Sometimes, the lingo can be the steepest part of the learning curve when getting started with JIRA (and the Agile methodology). Below, we have compiled a list of some of the basic (and more obscure) terms associated with JIRA. Did we miss any? Add your own terms and definitions in the comments below!
Backlog – A backlog is a list of the outstanding user stories, bugs and features for a product or sprint.
Board – The tool that teams use to visualize units of work moving through their specific workflow. It can be adapted for different styles of agile development (e.g. a Scrum board shows work items moving from the product backlog to the sprint backlog whereas a Kanban board typically has a three-step workflow: To Do, In Progress, and Done).
Burndown Chart – A Burndown Chart shows the actual and estimated amount of work to be done in a sprint.
Control Chart – A Control Chart can show the cycle time or lead time for your product, version or sprint.
Cycle Time – Cycle time is the time spent working on an issue – typically, the time taken from when work begins on an issue to when work is completed, but also includes any other time spent working on the issue. For example, if an issue is reopened, worked on, and completed again, then the time for this extra work is added to the cycle time.
Daily stand-up – Also known as a daily scrum, a 15-minute mini-meeting for the software team to sync.
Epic – An epic captures a large body of work that needs to be broken down into a number of smaller stories. It may take several sprints to complete an epic. The hierarchy for units of work in JIRA Software is as follows: Project > Epics/Components > Stories > Tasks > Subtasks
Filter – Filters determine what is visible on each of your boards. Using JIRA's simple query builder (JQL), you can customize exactly which issues are displayed on your board.
Issue – An issue is simply a unit of work within JIRA that will be traced through a workflow, from creation to completion. It can range from representing a single unit of work, like a simple task or bug, to a larger parent work item to be tracked, like a story or an epic.
Kanban – Kanban is a system for visualizing the flow of work and limiting work in progress. Kanban is not oriented towards sprints, like Scrum development methodology, as it is more ongoing.
Scrum – Scrum is an Agile development methodology where the product is built in a series of fixed-length iterations called sprints. It gives teams a framework for shipping software on a regular cadence.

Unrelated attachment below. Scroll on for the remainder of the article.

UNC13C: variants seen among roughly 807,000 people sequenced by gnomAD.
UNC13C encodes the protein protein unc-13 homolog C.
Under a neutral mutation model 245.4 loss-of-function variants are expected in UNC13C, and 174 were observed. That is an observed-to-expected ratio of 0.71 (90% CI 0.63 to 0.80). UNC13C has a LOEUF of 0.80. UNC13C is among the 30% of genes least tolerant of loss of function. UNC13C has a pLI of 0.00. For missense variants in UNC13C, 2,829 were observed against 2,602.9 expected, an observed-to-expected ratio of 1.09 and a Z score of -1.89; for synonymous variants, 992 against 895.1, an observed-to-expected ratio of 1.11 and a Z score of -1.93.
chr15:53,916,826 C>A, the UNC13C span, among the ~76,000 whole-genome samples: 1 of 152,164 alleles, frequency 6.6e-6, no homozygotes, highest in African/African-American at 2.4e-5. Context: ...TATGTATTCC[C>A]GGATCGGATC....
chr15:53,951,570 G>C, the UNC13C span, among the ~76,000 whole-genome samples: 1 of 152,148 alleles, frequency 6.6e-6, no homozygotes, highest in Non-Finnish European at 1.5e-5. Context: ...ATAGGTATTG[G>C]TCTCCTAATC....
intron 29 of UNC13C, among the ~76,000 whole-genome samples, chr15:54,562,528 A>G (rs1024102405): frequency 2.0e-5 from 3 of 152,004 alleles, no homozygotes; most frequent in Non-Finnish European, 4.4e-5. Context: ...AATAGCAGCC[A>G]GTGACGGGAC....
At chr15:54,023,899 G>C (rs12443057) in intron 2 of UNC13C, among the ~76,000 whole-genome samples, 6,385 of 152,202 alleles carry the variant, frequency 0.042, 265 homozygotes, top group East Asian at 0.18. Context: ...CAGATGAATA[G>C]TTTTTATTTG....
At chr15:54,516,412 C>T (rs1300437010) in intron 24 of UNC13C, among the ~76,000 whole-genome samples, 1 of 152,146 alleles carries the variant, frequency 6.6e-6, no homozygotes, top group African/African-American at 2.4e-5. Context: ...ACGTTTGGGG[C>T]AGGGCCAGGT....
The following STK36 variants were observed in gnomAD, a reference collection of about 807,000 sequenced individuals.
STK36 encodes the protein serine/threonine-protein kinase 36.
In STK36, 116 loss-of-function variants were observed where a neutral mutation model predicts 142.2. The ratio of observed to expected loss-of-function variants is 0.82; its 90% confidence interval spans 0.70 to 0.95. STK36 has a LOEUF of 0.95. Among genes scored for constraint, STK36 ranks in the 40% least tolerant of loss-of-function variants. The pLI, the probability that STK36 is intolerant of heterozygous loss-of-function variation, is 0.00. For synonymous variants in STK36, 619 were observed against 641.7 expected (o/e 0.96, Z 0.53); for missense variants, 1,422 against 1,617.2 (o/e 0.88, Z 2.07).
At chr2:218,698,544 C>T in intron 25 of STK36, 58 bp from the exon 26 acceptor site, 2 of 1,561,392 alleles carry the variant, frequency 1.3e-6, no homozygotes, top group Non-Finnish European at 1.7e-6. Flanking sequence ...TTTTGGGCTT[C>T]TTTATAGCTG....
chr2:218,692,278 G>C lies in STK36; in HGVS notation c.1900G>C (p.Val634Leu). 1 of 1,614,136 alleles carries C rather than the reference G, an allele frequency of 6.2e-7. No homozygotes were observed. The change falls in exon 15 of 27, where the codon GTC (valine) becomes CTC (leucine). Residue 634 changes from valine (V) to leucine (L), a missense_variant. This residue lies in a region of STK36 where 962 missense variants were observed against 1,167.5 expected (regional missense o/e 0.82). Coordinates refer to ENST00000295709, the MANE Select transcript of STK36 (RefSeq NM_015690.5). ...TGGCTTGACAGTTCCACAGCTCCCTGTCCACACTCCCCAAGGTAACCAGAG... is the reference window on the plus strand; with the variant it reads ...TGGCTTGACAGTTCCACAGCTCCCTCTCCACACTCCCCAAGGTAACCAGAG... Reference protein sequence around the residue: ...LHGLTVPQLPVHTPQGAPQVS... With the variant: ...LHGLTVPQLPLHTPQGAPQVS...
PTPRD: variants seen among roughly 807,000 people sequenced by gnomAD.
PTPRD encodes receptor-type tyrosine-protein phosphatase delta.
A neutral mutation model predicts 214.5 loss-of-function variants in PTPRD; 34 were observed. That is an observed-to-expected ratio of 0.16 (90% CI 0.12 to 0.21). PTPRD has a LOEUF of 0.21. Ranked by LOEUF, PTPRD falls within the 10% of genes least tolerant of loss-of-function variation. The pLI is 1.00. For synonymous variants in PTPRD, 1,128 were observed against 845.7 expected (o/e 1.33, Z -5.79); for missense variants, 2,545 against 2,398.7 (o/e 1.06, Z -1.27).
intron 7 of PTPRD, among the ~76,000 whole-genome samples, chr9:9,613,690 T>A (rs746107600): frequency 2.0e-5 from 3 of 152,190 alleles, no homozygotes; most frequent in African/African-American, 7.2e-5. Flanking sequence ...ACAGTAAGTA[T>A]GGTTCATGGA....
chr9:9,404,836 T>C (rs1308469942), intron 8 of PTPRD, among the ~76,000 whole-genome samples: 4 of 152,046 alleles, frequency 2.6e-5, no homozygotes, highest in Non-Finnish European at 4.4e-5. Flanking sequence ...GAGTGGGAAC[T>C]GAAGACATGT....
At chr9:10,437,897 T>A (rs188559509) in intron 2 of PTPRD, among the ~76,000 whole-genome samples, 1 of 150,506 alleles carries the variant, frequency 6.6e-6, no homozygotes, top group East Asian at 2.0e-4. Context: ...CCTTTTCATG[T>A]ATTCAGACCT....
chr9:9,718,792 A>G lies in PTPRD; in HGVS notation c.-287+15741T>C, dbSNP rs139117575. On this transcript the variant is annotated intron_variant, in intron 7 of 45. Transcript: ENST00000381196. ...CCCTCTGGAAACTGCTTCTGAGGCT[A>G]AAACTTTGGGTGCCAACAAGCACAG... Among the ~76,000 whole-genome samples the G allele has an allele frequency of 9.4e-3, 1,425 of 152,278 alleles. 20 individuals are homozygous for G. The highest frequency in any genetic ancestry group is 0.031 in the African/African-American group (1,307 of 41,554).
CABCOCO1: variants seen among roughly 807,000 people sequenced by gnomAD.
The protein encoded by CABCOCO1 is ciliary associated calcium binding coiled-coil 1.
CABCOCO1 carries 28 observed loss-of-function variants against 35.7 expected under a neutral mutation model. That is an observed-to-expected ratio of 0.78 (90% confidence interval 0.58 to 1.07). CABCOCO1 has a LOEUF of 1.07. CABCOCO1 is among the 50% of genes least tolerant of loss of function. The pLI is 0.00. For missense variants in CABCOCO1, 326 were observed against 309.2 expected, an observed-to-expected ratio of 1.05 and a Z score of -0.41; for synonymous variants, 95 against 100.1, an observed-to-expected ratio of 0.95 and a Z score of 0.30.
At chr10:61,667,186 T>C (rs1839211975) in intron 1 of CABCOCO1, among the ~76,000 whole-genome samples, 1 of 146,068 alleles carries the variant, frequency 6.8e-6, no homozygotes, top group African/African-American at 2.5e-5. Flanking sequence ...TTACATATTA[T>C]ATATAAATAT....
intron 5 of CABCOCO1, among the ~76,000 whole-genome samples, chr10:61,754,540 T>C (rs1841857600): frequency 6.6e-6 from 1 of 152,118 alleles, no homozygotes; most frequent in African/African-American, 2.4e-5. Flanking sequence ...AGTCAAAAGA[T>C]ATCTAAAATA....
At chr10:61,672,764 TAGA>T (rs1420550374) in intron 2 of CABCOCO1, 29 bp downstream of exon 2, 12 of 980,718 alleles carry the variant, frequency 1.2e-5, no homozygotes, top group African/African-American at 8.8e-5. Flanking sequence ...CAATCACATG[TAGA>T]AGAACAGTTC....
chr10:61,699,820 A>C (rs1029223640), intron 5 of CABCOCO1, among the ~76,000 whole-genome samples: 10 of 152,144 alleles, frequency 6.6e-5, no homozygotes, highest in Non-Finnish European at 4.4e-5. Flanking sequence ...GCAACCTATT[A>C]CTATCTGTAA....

Scrum of Scrums – Scrum of Scrums is a means of scaling Scrum to large, multi-team projects. Scrum of Scrums is the Agile version of what is traditionally known as program management.
Sprint – A sprint — also known as an iteration — is a short (ideally two to four week) period in which the development team implements and delivers a discrete product increment, e.g. a working milestone version.
Sprint planning – A team planning meeting that determines what to complete in the coming sprint.
Sprint retrospective – A review of what did and didn't go well with actions to make the next sprint better.
Story – A story or user story is a software system requirement that is expressed in a few short sentences, ideally using non-technical language.
Story Point – A story point is an estimate of the relative complexity of a story.
Swimlane – A swimlane is a means of categorizing issues so that agile teams can see which issues they should work on next.
Task – A task is a unit of work contained within a story.
Velocity – The velocity of a team is a measure of how much work that the team can handle within a specific time period, i.e. how much of the product backlog can be completed by the team in a sprint. Velocity can be calculated on the basis of story points, business value, hours, issue count, or any numeric field of your choice.
Workflow – Workflow is the logic that drives movement of a stories / sub-task along their development journey on a scrum or kanban board.